• Amy Shannon


When you're a writer, being a reader is just as important, or even more important. Reading should not just be limited to entertainment, or a specific genre, but something you can also learn from.

Reading Tips:

Read a genre from multiple authors that is similar to the one you write in. Learn from someone else's writing style and perception of the genre. Learn how someone else tells their story.

Read a story that is different from your own genre. If you are a fiction writer, read non-fiction work that may relate to the subject of your story.

Read other author's works, such as someone from the "best seller list" and then read work from an author that is at the other end of that scale. (Indie authors you never heard of, or don't seem to have a lot of sales, but have a lot of books. Amazon does a ranking system of different genre, so pick one from the end of the list).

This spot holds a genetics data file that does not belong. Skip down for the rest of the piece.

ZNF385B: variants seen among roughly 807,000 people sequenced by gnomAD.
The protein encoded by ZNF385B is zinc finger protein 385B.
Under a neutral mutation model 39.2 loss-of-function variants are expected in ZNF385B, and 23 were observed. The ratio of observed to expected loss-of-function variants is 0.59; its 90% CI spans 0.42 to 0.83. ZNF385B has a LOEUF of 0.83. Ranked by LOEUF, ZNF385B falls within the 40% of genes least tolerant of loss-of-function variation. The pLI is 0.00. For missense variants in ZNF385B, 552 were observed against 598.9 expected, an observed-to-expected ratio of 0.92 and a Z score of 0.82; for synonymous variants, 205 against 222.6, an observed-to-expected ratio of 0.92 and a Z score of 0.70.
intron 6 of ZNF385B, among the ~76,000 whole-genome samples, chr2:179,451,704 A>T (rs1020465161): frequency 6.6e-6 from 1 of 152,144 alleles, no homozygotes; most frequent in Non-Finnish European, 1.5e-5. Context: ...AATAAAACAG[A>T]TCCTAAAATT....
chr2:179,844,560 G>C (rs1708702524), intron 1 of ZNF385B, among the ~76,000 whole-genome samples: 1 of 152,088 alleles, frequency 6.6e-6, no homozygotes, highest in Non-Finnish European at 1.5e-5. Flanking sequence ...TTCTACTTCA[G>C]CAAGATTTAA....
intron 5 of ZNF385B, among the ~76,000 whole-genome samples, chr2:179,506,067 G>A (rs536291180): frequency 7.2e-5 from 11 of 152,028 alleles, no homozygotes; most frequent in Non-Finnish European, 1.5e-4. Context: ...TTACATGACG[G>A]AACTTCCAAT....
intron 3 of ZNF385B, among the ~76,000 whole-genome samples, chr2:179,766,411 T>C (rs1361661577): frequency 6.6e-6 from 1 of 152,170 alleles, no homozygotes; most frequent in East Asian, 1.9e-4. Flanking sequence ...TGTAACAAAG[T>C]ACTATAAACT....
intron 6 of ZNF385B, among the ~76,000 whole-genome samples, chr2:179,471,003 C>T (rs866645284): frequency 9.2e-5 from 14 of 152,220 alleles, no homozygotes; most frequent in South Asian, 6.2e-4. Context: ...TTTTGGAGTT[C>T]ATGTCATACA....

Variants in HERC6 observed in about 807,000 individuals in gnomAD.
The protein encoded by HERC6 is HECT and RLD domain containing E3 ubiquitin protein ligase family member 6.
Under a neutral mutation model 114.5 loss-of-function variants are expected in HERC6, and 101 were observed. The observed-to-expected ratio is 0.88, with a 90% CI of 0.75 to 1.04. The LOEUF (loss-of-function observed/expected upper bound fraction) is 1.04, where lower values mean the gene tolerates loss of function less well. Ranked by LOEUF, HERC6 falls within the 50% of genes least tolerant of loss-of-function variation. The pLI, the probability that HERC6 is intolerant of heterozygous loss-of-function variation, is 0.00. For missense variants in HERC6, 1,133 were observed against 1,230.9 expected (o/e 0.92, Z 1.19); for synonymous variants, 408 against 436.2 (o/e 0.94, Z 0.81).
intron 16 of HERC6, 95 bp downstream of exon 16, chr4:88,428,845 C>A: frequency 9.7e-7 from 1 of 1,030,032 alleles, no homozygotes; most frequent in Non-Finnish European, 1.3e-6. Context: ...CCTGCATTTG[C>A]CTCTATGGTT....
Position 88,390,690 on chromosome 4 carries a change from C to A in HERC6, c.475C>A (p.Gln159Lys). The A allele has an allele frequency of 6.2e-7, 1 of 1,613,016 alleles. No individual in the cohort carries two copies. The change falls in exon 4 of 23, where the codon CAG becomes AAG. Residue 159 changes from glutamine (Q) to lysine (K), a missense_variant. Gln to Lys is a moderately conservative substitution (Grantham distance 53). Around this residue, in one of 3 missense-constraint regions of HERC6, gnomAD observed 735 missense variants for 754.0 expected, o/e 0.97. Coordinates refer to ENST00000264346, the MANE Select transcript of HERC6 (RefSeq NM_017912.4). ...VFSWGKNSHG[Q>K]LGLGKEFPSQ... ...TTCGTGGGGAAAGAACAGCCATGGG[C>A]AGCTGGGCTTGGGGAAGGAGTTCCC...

Expand your knowledge by doing research that's not just done by "Google" searches, but by reading actual books on the subject. Once upon a time there used to be hardbound Encyclopedias.

Sometimes I use my knowledge of history by having characters in my stories have similar interests. A writer knows that characters always have some piece of their creator in them, so use it more. I can share what I know and what I've learned through a character.

When you write, you also have to read your own work. Of course, it's usually for editing and proofreading (which are two different things) and for story growth or to confirm plot closures, but read it as a reader would read it. After you read it, then read it aloud. It comes out differently with vocal words than just seeing the words in your head.

No matter what format you use, don't stop reading, and encourage others to do so as well. No one was ever hurt by reading, and yes, it's true, reading is fundamental.